At that time there were no trees on the green and they went to the woods and brought evergreens and set them in the ground, set the tables and enjoyed themselves. It left an impression on my mind that I shall never forget.

My father's health again gave out and we moved back into Fairfield on the old farm. There were four of my father's family; three daughters and one son, Stephen Rossell, who enlisted in the Mexican war and never returned; Louisa M., who married John Quinn; Abby, who married Silas Clapson of Newport and myself who married Lewis Raynore.

After a few years my father concluded to travel to the sea shore and try the effect as he had relatives in Connecticut. He went there but returned home sick and died with consumption at the age of 54. I stayed with my mother that winter and the next spring went on White Creek. She went to live with my half sister and I went to work for a Mrs. Dan Giles. I was then eighteen years old. The next winter I went to school in the old stone school house and boarded at Nat Post's, where I finished my education.

The school was taught by James Davis, a young man that uncle John Fortune brought up. He later married Amy Buell and removed to Illinois.

The next spring I worked for Jeremiah Corey in the hotel for a few weeks until his help came. Then I went back to the Old City where I was previously engaged to work for Joseph Lawton. In 1847 I was married to Lewis Raynore and we went to the Old City. He worked for a Mr. Samuel Coon in a cabinet shop. The next winter we went into Dr. Aaron Griswold's house near the Griswold saw-mill. He worked in Dr. Griswold's house which he was building and worked for Elder Chassell some of the time and the next year hired to Charles Post by the month.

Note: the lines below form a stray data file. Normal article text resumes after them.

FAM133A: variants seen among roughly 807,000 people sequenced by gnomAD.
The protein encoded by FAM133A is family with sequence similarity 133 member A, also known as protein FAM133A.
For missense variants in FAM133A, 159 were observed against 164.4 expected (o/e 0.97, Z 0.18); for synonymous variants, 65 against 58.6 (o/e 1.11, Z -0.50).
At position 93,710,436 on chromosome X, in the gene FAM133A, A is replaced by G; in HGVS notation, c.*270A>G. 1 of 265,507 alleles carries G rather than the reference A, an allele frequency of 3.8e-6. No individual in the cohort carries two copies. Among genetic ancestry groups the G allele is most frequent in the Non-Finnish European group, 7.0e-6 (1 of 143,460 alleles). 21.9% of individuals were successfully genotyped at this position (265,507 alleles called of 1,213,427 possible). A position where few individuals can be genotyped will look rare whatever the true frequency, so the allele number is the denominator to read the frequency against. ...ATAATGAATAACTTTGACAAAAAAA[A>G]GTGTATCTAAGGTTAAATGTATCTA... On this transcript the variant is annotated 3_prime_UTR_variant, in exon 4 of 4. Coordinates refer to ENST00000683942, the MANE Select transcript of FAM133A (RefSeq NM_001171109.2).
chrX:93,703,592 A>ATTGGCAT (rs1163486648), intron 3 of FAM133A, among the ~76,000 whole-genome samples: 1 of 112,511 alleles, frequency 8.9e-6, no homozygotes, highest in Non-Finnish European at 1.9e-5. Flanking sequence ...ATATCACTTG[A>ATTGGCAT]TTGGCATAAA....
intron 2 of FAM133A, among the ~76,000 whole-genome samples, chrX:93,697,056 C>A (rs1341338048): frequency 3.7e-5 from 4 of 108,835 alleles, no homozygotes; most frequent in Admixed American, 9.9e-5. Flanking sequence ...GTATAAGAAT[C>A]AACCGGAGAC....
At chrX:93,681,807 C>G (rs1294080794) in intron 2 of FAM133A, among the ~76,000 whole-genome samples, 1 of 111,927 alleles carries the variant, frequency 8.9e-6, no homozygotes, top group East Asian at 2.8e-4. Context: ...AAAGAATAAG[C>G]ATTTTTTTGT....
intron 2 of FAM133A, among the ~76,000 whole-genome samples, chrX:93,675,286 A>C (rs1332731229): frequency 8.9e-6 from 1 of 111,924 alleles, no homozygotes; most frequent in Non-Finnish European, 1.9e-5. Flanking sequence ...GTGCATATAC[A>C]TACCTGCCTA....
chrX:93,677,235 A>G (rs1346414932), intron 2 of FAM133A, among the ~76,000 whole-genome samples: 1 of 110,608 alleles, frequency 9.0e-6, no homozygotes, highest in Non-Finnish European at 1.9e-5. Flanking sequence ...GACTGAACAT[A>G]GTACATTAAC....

Dr. Griswold for his first wife married Polly Ford. They had two sons born to them, Gaylord and Walter. For his second wife he married Clarissa Perce, my mother's sister. Mr. and Mrs. Griswold had two sons and two daughters; Orrin, who married May Carpenter; Olive who married George Sanford of Newport village and Irving, who married Ellen Parkhurst.

Ellen and Irving had a son and daughter, Fred and Lena. Fred died of injuries received in a railroad accident. Lena is in Gloversville. Irving died of injuries received on the Narrow Gauge R. R. in 1881.

In the following year after Lewis Raynore worked for Charles Post, we bought the Jenks Benchley house in Newport on Main street. Fifty one years ago we came up on White Creek, where I live yet. We bought two acres of the Hale farm, then belonging to Archibald and Larned Jackson. We also bought five acres of Reuben Lewis which formerly belonged to Elihu Robinson. The Hale place is now owned by Dennis Leary.

While we lived in the village of Newport in 1853, I joined the First Baptist church and Lewis Raynore joined it later on.

We had born to us eight children; six sons and two daughters. The sons were Marcus, Lafayette, George, Charles Lewis, Herman and Henry. The daughters were; Helen Louisa and Christina. Christina married William Hendrix of Ilion. Lafayette was drowned in 1874. George died in 1907. Helen married Abraham Snyder and lives in Stockbridge. Charles and Herman live in Madison county.